Rheumatoid Arthritis: Definition and What it is

Medically and clinically reviewed by Jonathan Lee, MD and Dylan Peterson, PT, DPT

Rheumatoid Arthritis Definition and Meaning

Rheumatoid arthritis (RA) is an autoimmune disease in which the immune system mistakenly attacks the healthy tissue lining the joints, causing chronic inflammation. This can result in pain, swelling, and stiffness as well as changes to joint function and mobility. While RA is serious, medication and lifestyle interventions can help control symptoms and disease progression.

Rheumatoid Arthritis vs. Osteoarthritis

Osteoarthritis (OA), the most common type of arthritis, is characterized by gradual cartilage changes in a joint. For some, it can cause symptoms such as pain and stiffness that tend to worsen after activity. Unlike OA, which might occur in just one part of the body (like the hands, neck, knee, ankle, wrist, or hip), rheumatoid arthritis tends to be symmetrical and impacts multiple joints throughout the body. So if you only have arthritis in one shoulder, for instance, the discomfort is less likely to be RA or another form of inflammatory arthritis.

Rheumatoid Arthritis Symptoms

The symptoms of rheumatoid arthritis can vary in severity and may come and go (periods of increased pain and symptoms are usually referred to as flares). RA symptoms typically include joint pain, swelling, and stiffness as well as chronic fatigue and even a low-grade fever. As rheumatoid arthritis progresses, symptoms often spread to the wrists, knees, ankles, elbows, hips, and shoulders. 

Rheumatoid Arthritis: A Hinge Health Perspective

A diagnosis of rheumatoid arthritis can be alarming, so it’s natural to be upset and concerned if you’ve been told you have this condition. Your mind may jump to all sorts of conclusions about what you will — and won’t — be able to do. But before you start worrying, know this: While RA is a serious condition, there’s a lot you can do to manage the pain and prevent disease progression, including medication, healthy eating, and daily movement. As Hinge Health physical therapists say, movement is medicine. And the treatment needed for rheumatoid arthritis is no exception. General activity and more targeted, gentle exercises can play a big role in allowing you to maintain and improve your joint function, mobility, and flexibility. 

Rheumatoid Arthritis Treatment

If you have rheumatoid arthritis, your doctor should refer you to a rheumatologist. Certain medications, known as disease-modifying anti-rheumatic drugs (DMARDs), have been shown to be very effective in preventing your immune system from attacking your joints, which can reduce symptoms and disease progression. In addition to medication, lifestyle changes — including engaging in physical activity, prioritizing good sleep, and managing stress — can also help symptoms like fatigue and improve overall quality of life.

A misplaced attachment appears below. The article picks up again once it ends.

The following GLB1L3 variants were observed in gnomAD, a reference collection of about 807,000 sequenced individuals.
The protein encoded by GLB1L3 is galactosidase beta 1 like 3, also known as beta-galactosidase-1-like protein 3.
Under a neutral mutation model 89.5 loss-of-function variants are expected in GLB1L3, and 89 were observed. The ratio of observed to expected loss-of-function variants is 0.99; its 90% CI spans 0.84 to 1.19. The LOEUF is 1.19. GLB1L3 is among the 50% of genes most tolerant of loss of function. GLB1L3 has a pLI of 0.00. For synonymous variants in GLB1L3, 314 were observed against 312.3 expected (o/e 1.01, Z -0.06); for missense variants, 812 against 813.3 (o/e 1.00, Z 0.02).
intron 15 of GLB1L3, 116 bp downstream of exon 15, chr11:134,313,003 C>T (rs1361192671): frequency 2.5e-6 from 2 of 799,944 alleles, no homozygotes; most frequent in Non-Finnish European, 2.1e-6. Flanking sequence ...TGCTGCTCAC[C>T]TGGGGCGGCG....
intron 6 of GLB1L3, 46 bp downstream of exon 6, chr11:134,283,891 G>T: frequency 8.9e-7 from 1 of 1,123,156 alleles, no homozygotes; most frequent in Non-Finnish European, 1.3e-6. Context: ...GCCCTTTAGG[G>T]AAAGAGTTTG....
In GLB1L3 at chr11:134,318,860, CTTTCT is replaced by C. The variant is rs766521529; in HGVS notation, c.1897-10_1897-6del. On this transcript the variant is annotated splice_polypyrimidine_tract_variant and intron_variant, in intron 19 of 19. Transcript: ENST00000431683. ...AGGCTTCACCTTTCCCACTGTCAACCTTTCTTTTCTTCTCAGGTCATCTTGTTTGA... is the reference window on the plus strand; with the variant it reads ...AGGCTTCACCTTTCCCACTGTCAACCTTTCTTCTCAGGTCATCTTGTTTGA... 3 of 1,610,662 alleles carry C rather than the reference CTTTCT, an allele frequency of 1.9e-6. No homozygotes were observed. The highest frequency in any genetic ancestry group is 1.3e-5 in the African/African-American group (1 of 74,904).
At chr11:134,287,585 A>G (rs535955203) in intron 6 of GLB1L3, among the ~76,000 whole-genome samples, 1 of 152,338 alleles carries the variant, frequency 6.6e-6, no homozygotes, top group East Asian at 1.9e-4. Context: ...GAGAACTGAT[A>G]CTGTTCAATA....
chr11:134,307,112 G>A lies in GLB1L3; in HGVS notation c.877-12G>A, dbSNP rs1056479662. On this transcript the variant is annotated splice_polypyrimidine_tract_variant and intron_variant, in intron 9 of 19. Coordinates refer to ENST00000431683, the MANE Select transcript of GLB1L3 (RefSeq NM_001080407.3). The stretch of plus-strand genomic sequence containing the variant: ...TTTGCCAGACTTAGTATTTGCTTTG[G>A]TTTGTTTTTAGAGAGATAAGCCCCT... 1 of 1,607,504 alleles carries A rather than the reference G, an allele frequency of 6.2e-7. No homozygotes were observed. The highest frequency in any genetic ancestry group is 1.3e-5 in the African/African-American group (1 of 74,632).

How Physical Therapy Can Help With Rheumatoid Arthritis

Physical therapy can help improve mobility, increase strength, and maintain joint function. Physical therapists (PTs) may recommend various techniques, including targeted exercises for joints affected by rheumatoid arthritis, to improve strength and joint flexibility. PTs often use other methods, such as heat and cold therapy, to ease joint pain and swelling. And they can recommend adaptive equipment, like a key turner tool or grip wrench, to make everyday tasks easier by allowing you to engage larger joints to complete tasks that usually require more dexterity in smaller joints. You can see a physical therapist in person or use a program like Hinge Health to access a PT via telehealth/video visit.

How Hinge Health Can Help You 

If you have joint or muscle pain that makes it hard to move, you can get the relief you’ve been looking for with Hinge Health’s online exercise therapy program.

The best part: You don’t have to leave your home because our program is digital. That means you can easily get the care you need through our app, when and where it works for you. 

Through our program, you’ll have access to therapeutic exercises and stretches for your condition. 

Additionally, you’ll have a personal care team to guide, support, and tailor our program to you. See if you qualify for Hinge Health and confirm free coverage through your employer or benefit plan here.

This article and its contents are provided for educational and informational purposes only and do not constitute medical advice or professional services specific to you or your medical condition.


  1. Rheumatoid Arthritis. (2021, October 15). Arthritis Foundation. https://www.arthritis.org/diseases/rheumatoid-arthritis 

  2. Wisely, R. (2019, May 21). How osteoarthritis and rheumatoid arthritis differ. Michigan Medicine. https://www.michiganmedicine.org/health-lab/how-osteoarthritis-and-rheumatoid-arthritis-differ

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